Beato de Liébana
One of the most important characters during the Asturian monarchy, and undoubtedly the most important since the religious and cultural views, it was this monk of the Monastery of Santo Toribio de Liébana -then San Martín de Turieno-, who besides writing an extensive literary work, participated, along with Eterio, bishop of Osma and his disciple, in an important theological controversy with Elipando, metropolitan bishop and primate of Toledo, in which Pope Hadrian I and even Charlemagne had to intervene. He also actively participated in politics as advisor to King Silo, in addition to being master of Queen Adosinda, and was the creator of the legend of Santiago Apóstol as patron of Spain, only a few years before the opportune “discovery” of his tomb in Iria Flavia.
Born before the year 750, nothing is known of the origins of Beato, although by his level of knowledge and by the bibliography he handled, which does not seem likely to exist previously in a place so far removed from the Picos de Europa, assumed that he could emigrate to Asturias during the time of Alfonso I, perhaps as part of a monastic community of Visigoth origin that had survived until then in the Castilian plateau, which also transported his library, founding the monastery we call today Santo Toribio de Liébana.
What we do know about this character, who sometimes appears as a priest and sometimes as an abbot, is that from then on, until about the year 790, he was very active in three complementary but perfectly differentiated areas, who came to have a great transcendence and who make him one of the most significant figures of Christian Spain of the eighth century.
From the point of view of religious literature, he wrote the twelve books of his “Commentaries on the Apocalypse of Saint John”, well advanced in the year 776 although he would not terminate it until 786 as recorded in the dedication to his disciple Eterius. This great work became in the following centuries the origin of a large set of magnificent manuscripts miniados “the Blessed” that have made it the best known book of the European Middle Ages, although its original has not reached us.
Another work that proved to be of great significance for the history of Spain and for the Catholic Church was the “O Dei verbum”, written in 785, which includes a hymn in honor of the apostle Santiago, where for the first time the apostle is mentioned as “The Golden and Effulgent Head of Spain” what will be the origin of the legend of the trip of Santiago the Major to Spain that would end up making him our patron.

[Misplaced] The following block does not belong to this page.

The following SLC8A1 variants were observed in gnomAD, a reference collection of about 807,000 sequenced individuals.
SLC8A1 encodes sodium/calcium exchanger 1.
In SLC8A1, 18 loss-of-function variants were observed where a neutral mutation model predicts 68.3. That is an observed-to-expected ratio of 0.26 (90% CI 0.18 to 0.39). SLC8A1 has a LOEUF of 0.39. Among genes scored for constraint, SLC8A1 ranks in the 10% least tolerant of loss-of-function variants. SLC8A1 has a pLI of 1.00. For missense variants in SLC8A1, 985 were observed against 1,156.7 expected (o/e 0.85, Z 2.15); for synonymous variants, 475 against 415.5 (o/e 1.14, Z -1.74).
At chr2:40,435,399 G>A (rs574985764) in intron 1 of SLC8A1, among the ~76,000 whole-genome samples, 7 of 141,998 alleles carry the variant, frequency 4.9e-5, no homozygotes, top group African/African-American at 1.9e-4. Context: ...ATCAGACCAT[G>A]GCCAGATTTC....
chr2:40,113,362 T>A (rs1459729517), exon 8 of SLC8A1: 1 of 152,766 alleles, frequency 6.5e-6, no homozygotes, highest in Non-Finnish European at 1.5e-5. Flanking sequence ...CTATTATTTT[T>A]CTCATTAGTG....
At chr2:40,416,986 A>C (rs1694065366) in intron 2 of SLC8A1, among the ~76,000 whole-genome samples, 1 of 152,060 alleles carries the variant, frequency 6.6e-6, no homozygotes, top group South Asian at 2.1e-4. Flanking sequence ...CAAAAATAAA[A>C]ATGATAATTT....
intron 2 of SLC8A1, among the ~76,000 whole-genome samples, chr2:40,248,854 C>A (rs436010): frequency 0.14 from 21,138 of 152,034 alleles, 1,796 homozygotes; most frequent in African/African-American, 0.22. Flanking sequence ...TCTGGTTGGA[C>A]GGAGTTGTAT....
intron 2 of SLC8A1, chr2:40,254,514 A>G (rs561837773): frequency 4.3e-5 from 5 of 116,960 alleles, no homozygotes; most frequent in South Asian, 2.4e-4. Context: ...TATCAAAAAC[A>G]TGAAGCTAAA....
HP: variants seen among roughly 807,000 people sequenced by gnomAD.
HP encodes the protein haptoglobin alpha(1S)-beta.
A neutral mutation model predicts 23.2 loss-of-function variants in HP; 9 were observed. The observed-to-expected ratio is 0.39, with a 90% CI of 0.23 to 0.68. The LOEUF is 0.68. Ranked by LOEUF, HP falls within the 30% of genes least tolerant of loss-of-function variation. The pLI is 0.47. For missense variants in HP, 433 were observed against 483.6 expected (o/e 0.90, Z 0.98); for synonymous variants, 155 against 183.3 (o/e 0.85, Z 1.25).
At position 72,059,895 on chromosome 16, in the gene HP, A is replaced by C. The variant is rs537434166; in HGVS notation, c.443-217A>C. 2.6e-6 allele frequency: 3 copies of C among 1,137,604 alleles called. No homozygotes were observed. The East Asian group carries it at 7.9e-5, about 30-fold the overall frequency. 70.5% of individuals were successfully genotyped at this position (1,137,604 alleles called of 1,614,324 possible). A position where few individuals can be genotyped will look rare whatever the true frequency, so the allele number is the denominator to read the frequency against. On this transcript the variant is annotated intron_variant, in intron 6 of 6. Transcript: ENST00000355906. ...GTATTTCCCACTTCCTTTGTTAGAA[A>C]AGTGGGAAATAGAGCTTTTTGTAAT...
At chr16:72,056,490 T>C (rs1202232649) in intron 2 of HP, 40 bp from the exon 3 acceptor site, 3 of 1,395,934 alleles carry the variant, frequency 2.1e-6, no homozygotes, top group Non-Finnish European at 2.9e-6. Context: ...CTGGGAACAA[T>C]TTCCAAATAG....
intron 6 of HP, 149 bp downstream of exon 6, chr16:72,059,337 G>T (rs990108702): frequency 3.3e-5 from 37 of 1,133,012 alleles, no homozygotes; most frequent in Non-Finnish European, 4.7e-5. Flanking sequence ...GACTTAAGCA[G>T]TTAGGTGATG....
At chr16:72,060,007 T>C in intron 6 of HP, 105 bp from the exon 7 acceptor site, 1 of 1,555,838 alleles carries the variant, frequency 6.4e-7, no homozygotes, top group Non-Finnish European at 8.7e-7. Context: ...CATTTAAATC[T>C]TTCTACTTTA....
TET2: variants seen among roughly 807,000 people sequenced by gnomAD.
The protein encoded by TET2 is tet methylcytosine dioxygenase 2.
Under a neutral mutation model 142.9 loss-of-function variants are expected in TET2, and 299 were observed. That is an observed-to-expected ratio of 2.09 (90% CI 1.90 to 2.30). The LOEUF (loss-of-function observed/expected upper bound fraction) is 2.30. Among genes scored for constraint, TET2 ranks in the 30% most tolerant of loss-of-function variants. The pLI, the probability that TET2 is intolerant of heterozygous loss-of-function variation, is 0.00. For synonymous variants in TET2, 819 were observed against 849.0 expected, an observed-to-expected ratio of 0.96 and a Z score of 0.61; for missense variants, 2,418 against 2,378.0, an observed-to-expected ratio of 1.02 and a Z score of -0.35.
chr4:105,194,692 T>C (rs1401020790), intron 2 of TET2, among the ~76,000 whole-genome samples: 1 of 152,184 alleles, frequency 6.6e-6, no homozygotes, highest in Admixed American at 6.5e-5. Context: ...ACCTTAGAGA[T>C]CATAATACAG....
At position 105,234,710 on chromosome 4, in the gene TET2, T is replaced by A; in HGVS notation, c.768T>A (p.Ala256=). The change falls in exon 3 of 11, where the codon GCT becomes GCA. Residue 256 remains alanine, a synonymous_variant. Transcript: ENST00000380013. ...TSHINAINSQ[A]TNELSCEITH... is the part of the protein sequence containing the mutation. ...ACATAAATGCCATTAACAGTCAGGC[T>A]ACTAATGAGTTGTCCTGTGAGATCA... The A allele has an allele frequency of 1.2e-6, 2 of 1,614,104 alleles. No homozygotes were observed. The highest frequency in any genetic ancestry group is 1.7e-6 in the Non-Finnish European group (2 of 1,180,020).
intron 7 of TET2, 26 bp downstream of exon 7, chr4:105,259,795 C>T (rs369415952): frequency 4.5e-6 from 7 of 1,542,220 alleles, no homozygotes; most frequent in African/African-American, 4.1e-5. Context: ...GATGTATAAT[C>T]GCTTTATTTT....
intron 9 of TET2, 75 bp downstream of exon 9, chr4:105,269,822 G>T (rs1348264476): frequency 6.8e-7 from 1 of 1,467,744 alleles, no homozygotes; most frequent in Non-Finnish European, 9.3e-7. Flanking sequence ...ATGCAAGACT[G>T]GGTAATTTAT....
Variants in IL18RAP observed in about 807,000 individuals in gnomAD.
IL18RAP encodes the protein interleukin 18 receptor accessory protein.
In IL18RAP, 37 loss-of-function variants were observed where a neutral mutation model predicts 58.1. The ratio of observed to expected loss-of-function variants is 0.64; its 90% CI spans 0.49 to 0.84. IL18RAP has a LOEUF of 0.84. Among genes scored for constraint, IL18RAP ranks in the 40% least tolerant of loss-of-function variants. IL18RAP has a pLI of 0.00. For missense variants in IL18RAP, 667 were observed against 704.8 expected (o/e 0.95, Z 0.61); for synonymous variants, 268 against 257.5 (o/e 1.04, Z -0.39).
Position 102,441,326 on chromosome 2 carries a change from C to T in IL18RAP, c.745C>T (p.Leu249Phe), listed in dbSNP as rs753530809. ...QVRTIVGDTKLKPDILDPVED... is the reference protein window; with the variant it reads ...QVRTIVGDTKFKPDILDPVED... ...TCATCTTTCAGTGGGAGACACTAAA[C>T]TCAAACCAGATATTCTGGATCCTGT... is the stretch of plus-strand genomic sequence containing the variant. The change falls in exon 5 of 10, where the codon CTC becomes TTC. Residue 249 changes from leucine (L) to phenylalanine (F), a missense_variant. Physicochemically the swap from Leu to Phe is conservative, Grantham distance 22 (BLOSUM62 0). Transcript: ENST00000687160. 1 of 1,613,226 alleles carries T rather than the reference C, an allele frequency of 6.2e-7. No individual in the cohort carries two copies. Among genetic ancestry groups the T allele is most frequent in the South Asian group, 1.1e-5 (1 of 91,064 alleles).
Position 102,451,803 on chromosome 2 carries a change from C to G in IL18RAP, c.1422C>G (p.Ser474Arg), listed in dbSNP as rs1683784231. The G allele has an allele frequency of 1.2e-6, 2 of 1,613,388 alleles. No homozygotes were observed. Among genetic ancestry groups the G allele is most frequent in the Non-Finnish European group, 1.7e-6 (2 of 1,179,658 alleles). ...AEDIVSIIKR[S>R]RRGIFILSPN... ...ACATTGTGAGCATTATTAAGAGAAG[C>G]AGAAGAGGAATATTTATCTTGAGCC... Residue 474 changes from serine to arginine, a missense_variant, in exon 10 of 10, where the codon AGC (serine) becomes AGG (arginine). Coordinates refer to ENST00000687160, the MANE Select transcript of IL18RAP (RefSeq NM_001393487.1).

He also acquired great renown for his writings “De Adoptione Christi Filii Dei” and “Apologetic”, in his intervention in 784 and 785 in favor of the theses of Alcuin of York against the Adoptionist theory defended by the bishops Elipando of Toledo and Felix of Urgel, who questioned the divine nature of Jesus, suspiciously bringing Christian Trinitarian doctrine closer to Islamic unity from a bishopric located in the middle of the Arab territory. This controversy, which forced Charlemagne to convene a council in Regensburg in 792 and in which the thesis of Blessed triumphed, which despite not attending the council was one of the great protagonists of the debate, allowed it to become known throughout Europe.
His third activity, also important but less known, was politics, since in addition to his collaboration with King Silo and his wife Adosinda, he also had to have good relations with Mauregato, to whom he dedicated the acrostics of the “O Dei verbum”. But much more significant for the kingdom Asturian were the consequences of their dispute with Elipando, which made known the Kingdom of Asturias in the Europe of Charlemagne and allowed to move the spiritual center of Catholicism in Spain from Toledo, that it continued being the primate seat despite being located in Muslim territory, towards the new Christian kingdom of the north and that it would be fixed soon after in Santiago de Compostela. Another of his fundamental actions, both from the political and cultural and religious point of view was his contribution to the myth of Santiago as a patron of Spain, which promoted the development of the Camino de Santiago with all that this route of communication meant in the following centuries for the relationship and cultural exchange between Spain and the rest of Europe.
We do not know the date of his death, which must have occurred in the early 11th century, before the discovery of the tomb of the Apostle James. It seems that after the return of Alfonso II to the throne in 791 his influence in the Asturian court was considerably reduced, since, although it is known that in 799 he received a letter from Alcuin of York, there is no other news of his last years.